There are a few theories that explain the cornerback boom (and why it will last at least a few years), but mostly it comes down to the proliferation of the spread offense. The point of the spread is to overextend the defense by putting more receivers on the field. With an increased demand for wideouts, there’s an increased supply, forcing more elite athletes to choose other positions to get noticed. Upon switching to corner, those athletes are testing the “10,000-hour theory” of defensive back play, chasing teams like Baylor, Oregon, and Texas Tech all over the place. During the 2016 college season, 26 teams faced at least 35 passes per game — in 2006, only two teams faced that kind of passing barrage.

It’s led to some rethinking on troop deployment, too.

College corners are seeing more passes and more snaps. The hurry-up craze has led some college defenses to adopt a rotation system. Back in 2008, Aliotti was the defensive coordinator for Oregon and he started to treat his defense “like a hockey team,” rotating players whenever possible to minimize the fatigue caused by the fast pace. “We got to a place where we had 20 to 23 guys we could count on each game,” he said. “You needed to combat the passing. We’d switch out a linebacker and one or two corners per play, I don’t think anyone did that prior to us.”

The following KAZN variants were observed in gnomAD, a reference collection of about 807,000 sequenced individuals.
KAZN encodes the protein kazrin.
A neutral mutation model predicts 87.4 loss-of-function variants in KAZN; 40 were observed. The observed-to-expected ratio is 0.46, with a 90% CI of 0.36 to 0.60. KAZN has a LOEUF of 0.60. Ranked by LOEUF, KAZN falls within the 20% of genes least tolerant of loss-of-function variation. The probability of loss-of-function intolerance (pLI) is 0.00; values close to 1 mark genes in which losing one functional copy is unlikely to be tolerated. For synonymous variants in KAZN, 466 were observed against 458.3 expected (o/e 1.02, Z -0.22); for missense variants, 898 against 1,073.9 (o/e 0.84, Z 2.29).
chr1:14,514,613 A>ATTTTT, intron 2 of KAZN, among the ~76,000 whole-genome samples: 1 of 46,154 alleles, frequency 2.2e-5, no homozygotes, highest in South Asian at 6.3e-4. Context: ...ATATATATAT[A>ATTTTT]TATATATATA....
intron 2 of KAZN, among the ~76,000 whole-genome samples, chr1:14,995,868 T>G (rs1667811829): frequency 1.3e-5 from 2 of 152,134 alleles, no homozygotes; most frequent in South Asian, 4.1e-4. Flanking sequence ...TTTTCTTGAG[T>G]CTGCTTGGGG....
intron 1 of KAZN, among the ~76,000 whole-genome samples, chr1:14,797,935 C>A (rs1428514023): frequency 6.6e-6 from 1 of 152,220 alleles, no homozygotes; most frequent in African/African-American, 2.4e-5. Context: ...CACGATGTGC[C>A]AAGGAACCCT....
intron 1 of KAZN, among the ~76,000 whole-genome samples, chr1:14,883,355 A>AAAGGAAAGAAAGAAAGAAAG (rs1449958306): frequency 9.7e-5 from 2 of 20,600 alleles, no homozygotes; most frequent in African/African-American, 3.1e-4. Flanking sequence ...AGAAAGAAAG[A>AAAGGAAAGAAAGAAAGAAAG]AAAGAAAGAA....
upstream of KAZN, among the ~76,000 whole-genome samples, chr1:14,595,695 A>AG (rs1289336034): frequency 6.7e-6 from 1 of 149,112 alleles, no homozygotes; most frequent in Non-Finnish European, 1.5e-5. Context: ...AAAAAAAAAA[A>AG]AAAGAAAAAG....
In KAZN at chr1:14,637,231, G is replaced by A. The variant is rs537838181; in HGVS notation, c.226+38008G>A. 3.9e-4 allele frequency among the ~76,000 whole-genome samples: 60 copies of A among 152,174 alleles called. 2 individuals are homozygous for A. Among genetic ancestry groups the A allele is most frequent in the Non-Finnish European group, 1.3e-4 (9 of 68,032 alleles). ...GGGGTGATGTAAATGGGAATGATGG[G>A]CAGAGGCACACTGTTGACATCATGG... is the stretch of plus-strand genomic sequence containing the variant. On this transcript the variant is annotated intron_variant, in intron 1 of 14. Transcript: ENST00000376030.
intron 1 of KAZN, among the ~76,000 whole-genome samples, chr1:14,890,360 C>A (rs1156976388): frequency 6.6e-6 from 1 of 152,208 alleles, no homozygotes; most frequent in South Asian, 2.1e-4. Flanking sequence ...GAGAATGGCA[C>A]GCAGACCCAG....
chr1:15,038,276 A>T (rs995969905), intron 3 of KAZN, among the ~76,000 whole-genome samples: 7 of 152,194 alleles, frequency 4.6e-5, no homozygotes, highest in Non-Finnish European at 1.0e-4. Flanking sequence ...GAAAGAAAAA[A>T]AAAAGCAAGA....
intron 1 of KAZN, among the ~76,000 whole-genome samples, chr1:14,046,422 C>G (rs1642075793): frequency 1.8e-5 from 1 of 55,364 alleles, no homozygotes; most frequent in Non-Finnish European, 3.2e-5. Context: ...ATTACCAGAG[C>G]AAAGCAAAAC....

Aliotti is now an analyst with the Pac-12 Networks, and he’s since visited with many coaches, including Alabama’s Nick Saban, to discuss how to utilize a similar rotation system. The idea has spread throughout college, Aliotti said. Ohio State has rotated their defensive backs in recent years, and could have as many as three picks in the top 15 of this draft.

The result?  Mo’ backs and mo’ money for mo’ backs.

… Mike Farrell, national recruiting director at Rivals, said youth players have been figuring out what positions to play earlier on in order to “go where the money is in the pros.” The spread has made good corners a hot commodity in the NFL, and they get paid like it. According to Spotrac, there are 10 cornerbacks who average over $12 million a year; there are six receivers who average that. Josh Norman, Patrick Peterson, Joe Haden, Desmond Trufant, Stephon Gilmore, and Richard Sherman are currently on contracts worth at least $40 million guaranteed. Darrelle Revis is basically Warren Buffett.

Hmmm… I wonder if anyone’s shown Mecole Hardman this yet.

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Filed under Strategery And Mechanics, The NFL Is Your Friend.

Does the NFL care about bowl game attendance?

Let’s just say that if, in fact, Fournette and McCaffrey are first-rounders tomorrow in the NFL draft, the odds that more star collegiate players skip minor bowls out of a sense of self-preservation are likely to be significantly enabled.  With the money at stake, who could blame them?

The interesting thing will be learning what kind of advice their college coaches give them about the decision.

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Filed under The NFL Is Your Friend.